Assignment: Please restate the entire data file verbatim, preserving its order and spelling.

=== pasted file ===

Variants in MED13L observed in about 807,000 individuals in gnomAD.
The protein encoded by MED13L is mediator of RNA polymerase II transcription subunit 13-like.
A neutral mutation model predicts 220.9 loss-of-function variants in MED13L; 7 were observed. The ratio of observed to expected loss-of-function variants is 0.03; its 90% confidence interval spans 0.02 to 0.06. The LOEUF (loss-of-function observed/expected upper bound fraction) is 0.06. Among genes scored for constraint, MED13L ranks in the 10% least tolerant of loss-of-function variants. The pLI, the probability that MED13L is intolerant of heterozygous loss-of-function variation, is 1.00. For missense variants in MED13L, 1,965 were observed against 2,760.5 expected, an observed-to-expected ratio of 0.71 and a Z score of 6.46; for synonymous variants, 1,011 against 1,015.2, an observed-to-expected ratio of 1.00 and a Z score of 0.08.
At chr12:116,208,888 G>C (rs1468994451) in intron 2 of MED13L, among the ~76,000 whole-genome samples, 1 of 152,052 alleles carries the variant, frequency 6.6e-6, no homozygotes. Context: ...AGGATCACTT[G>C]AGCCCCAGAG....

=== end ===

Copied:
Variants in MED13L observed in about 807,000 individuals in gnomAD.
The protein encoded by MED13L is mediator of RNA polymerase II transcription subunit 13-like.
A neutral mutation model predicts 220.9 loss-of-function variants in MED13L; 7 were observed. The ratio of observed to expected loss-of-function variants is 0.03; its 90% confidence interval spans 0.02 to 0.06. The LOEUF (loss-of-function observed/expected upper bound fraction) is 0.06. Among genes scored for constraint, MED13L ranks in the 10% least tolerant of loss-of-function variants. The pLI, the probability that MED13L is intolerant of heterozygous loss-of-function variation, is 1.00. For missense variants in MED13L, 1,965 were observed against 2,760.5 expected, an observed-to-expected ratio of 0.71 and a Z score of 6.46; for synonymous variants, 1,011 against 1,015.2, an observed-to-expected ratio of 1.00 and a Z score of 0.08.
At chr12:116,208,888 G>C (rs1468994451) in intron 2 of MED13L, among the ~76,000 whole-genome samples, 1 of 152,052 alleles carries the variant, frequency 6.6e-6, no homozygotes. Context: ...AGGATCACTT[G>C]AGCCCCAGAG....